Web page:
England’s women are preparing to start their quest for glory at the European Championships but what are their chances of lifting a first major trophy?
Mark Sampson’s players head to the Netherlands showpiece, which kicks off on Sunday, as one of the fancied sides after a watershed 2015 World Cup in which they beat hosts Canada and European champions Germany to finish third.
With the bulk of a team that stirred a nation still together, can England build on surprise success now expectations are raised? From the form guide to the players who could make a difference, we assess their hopes and challenges…
How tough is their group?
England are top seeds in Group D and kick off with a grudge match against tournament debutants Scotland on July 19, before facing Spain four days later and then another first-time entrant, Portugal, on July 27.
An opener against 80/1 shots depleted by injuries might appear a mismatch in terms of experience but expect that to be tempered in Utrecht by the added motivation that international football’s oldest rivalry always inspires.
“I think there’s probably some unfinished business after the guys’ game not too long ago; it’s set up nicely for us,” Scotland captain Gemma Fay, recalling last month’s , told the .
Spain – whom England deservedly beat in an October friendly – eased through qualification, before winning warm-up event the Algarve Cup, but are missing the big-game experience of Veronica Boquete. Portugal are the lowest-ranked side in the competition and should pose few fears.
“England could quite easily top their group but it could be tighter than many might expect,” former Arsenal and England winger Rachel Yankey told . “Spain are a good side – very technical – and I do think there’s no better game for Scotland to play first than England. They’ve nothing to lose, they’ll be playing with passion and England really need to watch out.”
Can England win it?
Sampson’s side – at 8/1 with – are third favourites to win the tournament behind holders Germany (2/1) and France (3/1) .
A dominant Germany have won six Euros in a row, while France – whom England will hope to avoid in the quarters by winning their group – could boast a side packed with players who helped Lyon to the treble last term. Talent, togetherness, tournament experience and key players in form make England worthy of their high ranking, though.
Only an agonising Laura Bassett own goal in extra-time prevented their march to the World Cup final and Sampson believes his largely intact side are all the better for their experience.
“That heartache we suffered in the World Cup absolutely will be a weapon we will use in this tournament,” he told reporters. “In relation to mentality and athleticism, we have made huge strides. Now I feel we have a team with all the trademarks a champion team needs. All we ever talk about is how we’re going to be the last team to come home.”
Captain Steph Houghton is equally convinced. “Can we win it? Yes,” she told . “We’ve played well over the last few years, we’ve built momentum through the qualifiers and I really feel there’s a confidence in this team.”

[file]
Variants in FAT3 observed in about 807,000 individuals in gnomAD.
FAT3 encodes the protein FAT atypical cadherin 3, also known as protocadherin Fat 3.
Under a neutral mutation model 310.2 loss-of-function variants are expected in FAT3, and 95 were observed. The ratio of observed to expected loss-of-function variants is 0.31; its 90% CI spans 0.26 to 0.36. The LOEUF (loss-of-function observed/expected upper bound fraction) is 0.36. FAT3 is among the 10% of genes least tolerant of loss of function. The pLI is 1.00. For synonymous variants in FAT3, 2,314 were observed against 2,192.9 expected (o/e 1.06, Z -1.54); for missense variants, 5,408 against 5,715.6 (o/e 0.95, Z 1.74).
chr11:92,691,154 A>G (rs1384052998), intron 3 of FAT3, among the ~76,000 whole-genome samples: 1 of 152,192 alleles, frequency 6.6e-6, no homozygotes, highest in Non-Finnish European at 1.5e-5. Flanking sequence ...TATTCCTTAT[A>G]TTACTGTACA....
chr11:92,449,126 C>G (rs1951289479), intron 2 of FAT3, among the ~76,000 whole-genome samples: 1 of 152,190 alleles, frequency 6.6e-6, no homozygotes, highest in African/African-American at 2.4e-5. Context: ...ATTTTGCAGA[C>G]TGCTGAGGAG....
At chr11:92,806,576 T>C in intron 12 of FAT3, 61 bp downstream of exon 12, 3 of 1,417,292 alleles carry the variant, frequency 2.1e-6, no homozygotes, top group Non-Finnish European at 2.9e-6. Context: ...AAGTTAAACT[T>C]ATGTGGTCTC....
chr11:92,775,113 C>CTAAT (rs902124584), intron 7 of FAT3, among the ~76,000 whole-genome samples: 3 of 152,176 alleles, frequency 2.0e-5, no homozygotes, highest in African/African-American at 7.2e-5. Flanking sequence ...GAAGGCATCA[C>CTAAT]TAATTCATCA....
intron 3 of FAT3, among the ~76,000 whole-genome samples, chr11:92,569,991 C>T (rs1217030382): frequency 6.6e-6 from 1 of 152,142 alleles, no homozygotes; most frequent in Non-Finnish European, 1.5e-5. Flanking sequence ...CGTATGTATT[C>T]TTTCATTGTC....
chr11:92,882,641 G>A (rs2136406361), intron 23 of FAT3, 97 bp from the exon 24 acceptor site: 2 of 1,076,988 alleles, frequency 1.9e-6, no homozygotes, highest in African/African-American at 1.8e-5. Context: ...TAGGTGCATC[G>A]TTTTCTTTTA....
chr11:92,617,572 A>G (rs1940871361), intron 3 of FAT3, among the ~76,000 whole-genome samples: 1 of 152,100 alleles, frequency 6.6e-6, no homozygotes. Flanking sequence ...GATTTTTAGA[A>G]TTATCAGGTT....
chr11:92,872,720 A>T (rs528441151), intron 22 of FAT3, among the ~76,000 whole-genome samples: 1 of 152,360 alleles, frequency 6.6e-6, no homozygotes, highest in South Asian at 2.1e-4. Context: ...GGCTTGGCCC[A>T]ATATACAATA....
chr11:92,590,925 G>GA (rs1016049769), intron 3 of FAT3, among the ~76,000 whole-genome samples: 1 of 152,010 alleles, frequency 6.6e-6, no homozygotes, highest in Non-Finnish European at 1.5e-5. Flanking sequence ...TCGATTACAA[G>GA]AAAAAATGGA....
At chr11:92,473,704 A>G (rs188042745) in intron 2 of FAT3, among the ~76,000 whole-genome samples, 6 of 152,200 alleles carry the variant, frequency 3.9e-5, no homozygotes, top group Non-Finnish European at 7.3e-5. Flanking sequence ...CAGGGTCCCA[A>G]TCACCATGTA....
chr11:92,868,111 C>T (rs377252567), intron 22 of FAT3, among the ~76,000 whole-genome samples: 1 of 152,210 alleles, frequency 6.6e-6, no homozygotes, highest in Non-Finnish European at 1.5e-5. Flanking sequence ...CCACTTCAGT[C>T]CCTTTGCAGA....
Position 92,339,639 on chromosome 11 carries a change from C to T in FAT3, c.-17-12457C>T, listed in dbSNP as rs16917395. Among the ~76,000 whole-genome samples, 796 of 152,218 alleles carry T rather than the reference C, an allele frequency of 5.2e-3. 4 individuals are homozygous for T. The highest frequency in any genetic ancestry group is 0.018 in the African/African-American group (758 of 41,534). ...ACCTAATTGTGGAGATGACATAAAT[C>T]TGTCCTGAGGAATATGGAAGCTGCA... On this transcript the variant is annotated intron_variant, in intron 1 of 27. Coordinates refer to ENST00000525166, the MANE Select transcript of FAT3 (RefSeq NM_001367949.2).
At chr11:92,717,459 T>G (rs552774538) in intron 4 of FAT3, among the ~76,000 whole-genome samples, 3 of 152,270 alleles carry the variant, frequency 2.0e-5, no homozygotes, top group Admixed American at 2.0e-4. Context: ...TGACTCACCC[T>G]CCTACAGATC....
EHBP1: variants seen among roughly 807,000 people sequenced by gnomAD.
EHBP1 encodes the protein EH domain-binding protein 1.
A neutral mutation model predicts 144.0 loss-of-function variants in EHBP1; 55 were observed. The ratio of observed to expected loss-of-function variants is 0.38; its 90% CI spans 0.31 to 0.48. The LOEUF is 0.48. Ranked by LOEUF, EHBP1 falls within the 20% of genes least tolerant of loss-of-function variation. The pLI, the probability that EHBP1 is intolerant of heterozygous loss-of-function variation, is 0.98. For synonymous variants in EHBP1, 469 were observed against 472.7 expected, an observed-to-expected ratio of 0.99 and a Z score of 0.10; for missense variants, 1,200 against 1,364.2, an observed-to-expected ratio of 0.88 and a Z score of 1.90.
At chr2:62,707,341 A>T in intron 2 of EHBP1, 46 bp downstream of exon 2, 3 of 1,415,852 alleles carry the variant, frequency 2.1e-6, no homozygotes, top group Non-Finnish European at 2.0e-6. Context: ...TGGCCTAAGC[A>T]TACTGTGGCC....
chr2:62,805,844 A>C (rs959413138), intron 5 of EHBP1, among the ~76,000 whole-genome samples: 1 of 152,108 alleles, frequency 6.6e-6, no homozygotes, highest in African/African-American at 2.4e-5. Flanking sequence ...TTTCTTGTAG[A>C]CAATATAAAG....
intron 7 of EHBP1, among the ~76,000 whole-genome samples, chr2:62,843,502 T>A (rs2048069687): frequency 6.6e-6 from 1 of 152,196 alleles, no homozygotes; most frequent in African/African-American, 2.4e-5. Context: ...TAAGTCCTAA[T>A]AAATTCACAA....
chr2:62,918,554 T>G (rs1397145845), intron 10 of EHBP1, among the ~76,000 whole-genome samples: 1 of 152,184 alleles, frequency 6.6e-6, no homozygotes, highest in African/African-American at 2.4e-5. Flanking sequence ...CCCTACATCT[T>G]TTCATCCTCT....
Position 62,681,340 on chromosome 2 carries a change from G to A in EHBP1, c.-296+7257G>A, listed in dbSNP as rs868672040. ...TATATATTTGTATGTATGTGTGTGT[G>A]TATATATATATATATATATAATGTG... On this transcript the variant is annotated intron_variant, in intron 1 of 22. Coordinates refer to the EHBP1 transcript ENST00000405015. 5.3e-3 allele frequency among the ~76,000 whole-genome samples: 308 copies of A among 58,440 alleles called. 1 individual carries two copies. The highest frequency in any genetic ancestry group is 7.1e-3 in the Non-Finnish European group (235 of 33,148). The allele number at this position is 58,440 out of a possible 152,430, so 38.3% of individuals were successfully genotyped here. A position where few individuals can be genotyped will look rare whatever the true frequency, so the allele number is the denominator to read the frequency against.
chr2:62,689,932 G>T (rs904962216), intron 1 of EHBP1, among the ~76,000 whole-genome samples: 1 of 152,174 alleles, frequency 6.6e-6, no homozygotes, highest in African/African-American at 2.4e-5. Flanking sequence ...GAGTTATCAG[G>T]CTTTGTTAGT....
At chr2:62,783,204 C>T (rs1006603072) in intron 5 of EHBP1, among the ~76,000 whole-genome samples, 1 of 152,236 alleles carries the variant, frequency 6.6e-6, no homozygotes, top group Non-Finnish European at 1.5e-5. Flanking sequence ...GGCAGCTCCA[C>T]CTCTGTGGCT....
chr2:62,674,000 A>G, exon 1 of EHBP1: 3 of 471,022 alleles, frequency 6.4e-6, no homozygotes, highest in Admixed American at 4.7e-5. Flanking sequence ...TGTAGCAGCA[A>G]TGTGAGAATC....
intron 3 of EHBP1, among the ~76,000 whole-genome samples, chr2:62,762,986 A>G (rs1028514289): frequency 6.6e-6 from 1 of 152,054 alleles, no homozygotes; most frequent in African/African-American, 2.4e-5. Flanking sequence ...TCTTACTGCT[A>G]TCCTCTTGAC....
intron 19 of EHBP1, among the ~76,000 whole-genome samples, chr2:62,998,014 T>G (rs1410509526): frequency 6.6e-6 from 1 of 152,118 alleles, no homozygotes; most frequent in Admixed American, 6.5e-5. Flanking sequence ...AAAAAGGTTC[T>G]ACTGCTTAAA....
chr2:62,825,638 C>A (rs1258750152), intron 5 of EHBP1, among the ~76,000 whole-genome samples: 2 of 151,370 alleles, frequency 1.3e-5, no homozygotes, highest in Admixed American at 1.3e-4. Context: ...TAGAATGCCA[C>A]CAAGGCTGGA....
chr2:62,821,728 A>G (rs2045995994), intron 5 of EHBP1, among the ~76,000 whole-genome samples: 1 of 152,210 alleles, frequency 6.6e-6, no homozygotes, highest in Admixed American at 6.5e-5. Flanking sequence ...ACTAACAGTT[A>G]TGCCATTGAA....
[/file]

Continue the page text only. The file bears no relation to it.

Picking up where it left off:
What form are they in?
England head for Holland after a promising streak of victories against fellow Euro finalists. They sealed 3-0 and 4-0 wins over Austria and Switzerland respectively and then overcame a setback to beat Denmark 2-1 win in their final warm-up, powerful striker Ellen White scoring twice.
White was the hero when England beat world champions USA at the SheBelieves Cup back in March – another pivotal moment in the side’s development. There were defeats to Germany and France, too, but narrow ones that led a satisfied Sampson to talk of “small margins”.
How will Sampson set up?
Expect the boss to rotate his squad and switch up his system; the Welshman is big on tactical flexibility and warned rivals after picking his 23-strong party he could conjure up “25 different formations and 25 different styles”.
He deployed 3-5-2 frequently in qualifying, Lucy Bronze a key outlet down the right, but has also utilised a midfield diamond he believes brings the best out of tricky Karen Carney.
“Mark likes to pick specific people for specific games,” Bronze said ahead of the tournament. “Even I couldn’t guess Mark’s starting XI for the first game in the Euros. But one thing is constant – if you get complacent, you won’t play.”
Who could be key?
Sampson drew criticism for naming his squad more than three months before the start of the tournament but the inclusion of Fran Kirby – who had missed a year on the international stage through injury – looks to have been a smart one. The Chelsea striker – memorably dubbed ‘Mini Messi’ by her manager – scored on her England return and netted six times in five matches for her club during the Spring Series stopgap tournament.
The experience and leadership qualities of stalwarts such as Houghton, Fara Williams and Jill Scott, whether on the pitch or in the dressing room, will be key but look out for Chelsea’s versatile Millie Bright and Manchester City’s “fearless” forward Nikita Parris – both talented newcomers in the senior squad.
Energetic midfielder Jordan Nobbs is tipped to exert a key influence, while Toni Duggan – buoyed by a high-profile move to Barcelona – will be out to impress.
Follow the Women’s Euros – including England’s opener v Scotland on July 19 – on skysports.com and the Sky Sports apps.